So, you’re feeling anxious.
I’m sorry, that sucks. Your body feels like it’s constantly on edge, your butt is in your throat, and you swear your heart is beating 30x faster than it’s supposed to. Live in New York City like I do? Make that 50x as fast.
Here’s the thing - I have some tips for you, but I’m leaving the crunchy stuff out of it. I’m crunchy, believe me, I’m a poet from Brooklyn who keeps crystals in her plants and taught yoga for five years. But I also have two jobs and run my own company AND I ride the subway into Manhattan every day. The last thing I want from one of these articles is for someone to tell me to try and meditate while a Wall Street Bro manspreads next to me on the 5 train and shouts “YEAH, I MIGHT LOSE YOU, I’M ON THE TRAIN” 15 times into his AirPods. If you can be zen next to that - congrats - you’ve reached enlightenment.
So before we jump in, let me just say this: anxiety is normal, you are not alone, and your anxiety is not something that can be weighed or compared to anyone else's. It is debilitating, frustrating, and often makes us feel ashamed. I’m so sorry for days when you feel this way, and I really hope these tips help.
8 Tips For Anxiety That Won’t Make You Scream Into The Void:
- Slow down your breathing.
- When anxiety hits, our nervous system reacts. There’s a thing in our brain that isn’t super evolved and when it detects stress in the body it assumes a wild animal is feigning for weekend brunch and we’re the Eggs Benny special. That’s fight or flight. It’s a really fun feeling! The best way to send signals to your nervous system that a cougar is not about to pounce (unless it’s the good kind ;) You picking up what I’m putting down? Is this inappropriate for this article? I digress:) ) is to breathe. I know, so cliche, but it’s just…science. When we slow down our breath, our brain gets the message that we’re not in imminent danger. There’s lots of fancy breath-work you can do, and youtube is dope if you’re into that, but I’m a big fan of a nice slow inhale followed by an even slower exhale. If you can, close your eyes and place your hands on your stomach and heart.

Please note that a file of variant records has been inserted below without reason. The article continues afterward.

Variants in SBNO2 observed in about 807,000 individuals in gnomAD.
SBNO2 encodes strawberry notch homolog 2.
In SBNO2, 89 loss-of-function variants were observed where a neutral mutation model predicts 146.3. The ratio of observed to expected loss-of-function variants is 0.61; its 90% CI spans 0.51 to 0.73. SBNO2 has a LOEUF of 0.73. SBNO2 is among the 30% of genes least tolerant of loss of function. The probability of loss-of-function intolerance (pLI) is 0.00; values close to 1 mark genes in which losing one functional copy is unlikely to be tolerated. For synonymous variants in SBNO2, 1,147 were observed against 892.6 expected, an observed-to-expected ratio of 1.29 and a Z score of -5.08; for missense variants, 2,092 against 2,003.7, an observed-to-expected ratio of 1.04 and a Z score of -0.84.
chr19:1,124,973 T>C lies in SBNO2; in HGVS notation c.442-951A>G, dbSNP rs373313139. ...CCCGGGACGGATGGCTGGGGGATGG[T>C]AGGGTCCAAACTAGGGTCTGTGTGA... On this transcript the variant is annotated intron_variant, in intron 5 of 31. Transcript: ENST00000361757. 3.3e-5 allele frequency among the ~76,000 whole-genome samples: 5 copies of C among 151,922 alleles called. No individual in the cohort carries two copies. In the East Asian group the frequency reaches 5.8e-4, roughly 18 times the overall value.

- Activate your senses to bring you into the present.
- When we’re triggered, we can often feel like we’ve time-traveled into the past and are re-experiencing the shame of being pantsed on the playground at 8 years old. Or it propels you forward 10-20 years and says you won’t have any friends and your only hobby is watching reruns of Bachelor In Paradise. But that isn’t your current reality, so we have to do our best to bring ourselves back. Ask yourself: What do I see? What do I smell? What do I hear? What do I taste? What do I feel? It can be the dumbest things around you, it doesn’t matter, the point is just to bring you back to 2019 - and in 2019 we have Lizzo so it is really worth your while to hot tub time machine your way back home. If you can, I encourage you to point out things that won’t make you feel more anxious - so instead of saying “I see a rat scurrying into the gutter,” how about “I see that the leaves are starting to change color.”
- Call a loved one and ask them to tell you a story.
- The act of listening can take us from an internalized or dissociated state back into the present moment. So go ahead, call your newly single buddy and ask them to tell you about their Tinder escapades. If you need a little script: “Hey, I’m feeling anxious right now. What would really help me is if you could tell me a story right now, it doesn’t have to be anything special, it would be nice just to hear your voice.”
- Talk to your anxiety.
- When I was going through a hard time, my mom would tell me to say, out loud, “I don’t have time for you, we’ll talk later” to my thoughts. I know it sounds ridiculous, but hearing strength in our own voice when we talk sternly to our unhelpful thoughts can really help.
- Take a bath with epsom salts.
- I know this is #classic self-care BS, but cliches exist for a reason. Water is another way to urge the nervous system to recalibrate, and epsom salts help your muscles relax. When our bodies are in a state of panic, we tense up, and getting the body to let go texts the brain and is like “Yo, you up? Okay cool, but you don’t have to be. Totally chill if you nap rn.”
- Hug an alive thing.
- Whether it is a human or an animal, physical touch is proven to be calming to the body. It is a tangible reminder of the here and now and a way for our bodies to play Simon Says with the alive thing that is not currently spiraling like we are. We can take a cue from someone feeling stable and calm, and totally mooch off of them.
- Pick a mantra that feels comforting.
- “This too shall pass” is a pretty nice one, and so is “anxiety is a fucking dick.” Whatever you need to repeat in your head that can help drown out some of the worry and fear you’re experiencing, go for it.
- Lastly, have an anxiety check-list.
- Essentially: make a plan. When you’re feeling calm and grounded, take some time to make a note for yourself of the things you can do when you feel triggered. That way you have all the tools you need handy when the cougar (bad kind) is on the prowl.
Hey, I hope these tips were helpful. If you want extra support managing your anxiety, the MyWellbeing team would love to hear from you, and we can find you a therapist you also tells it to you straight or granolafies your hippie dreams. Whoever your perfect therapy match is, we’ll find them for you. Our matchmaking process is meant to alleviate the stress of the search, because we know how overwhelming it is to get help when you feel helpless. If you’re in NYC and interested in giving therapy a try, check out our matching questionnaire!
You got this.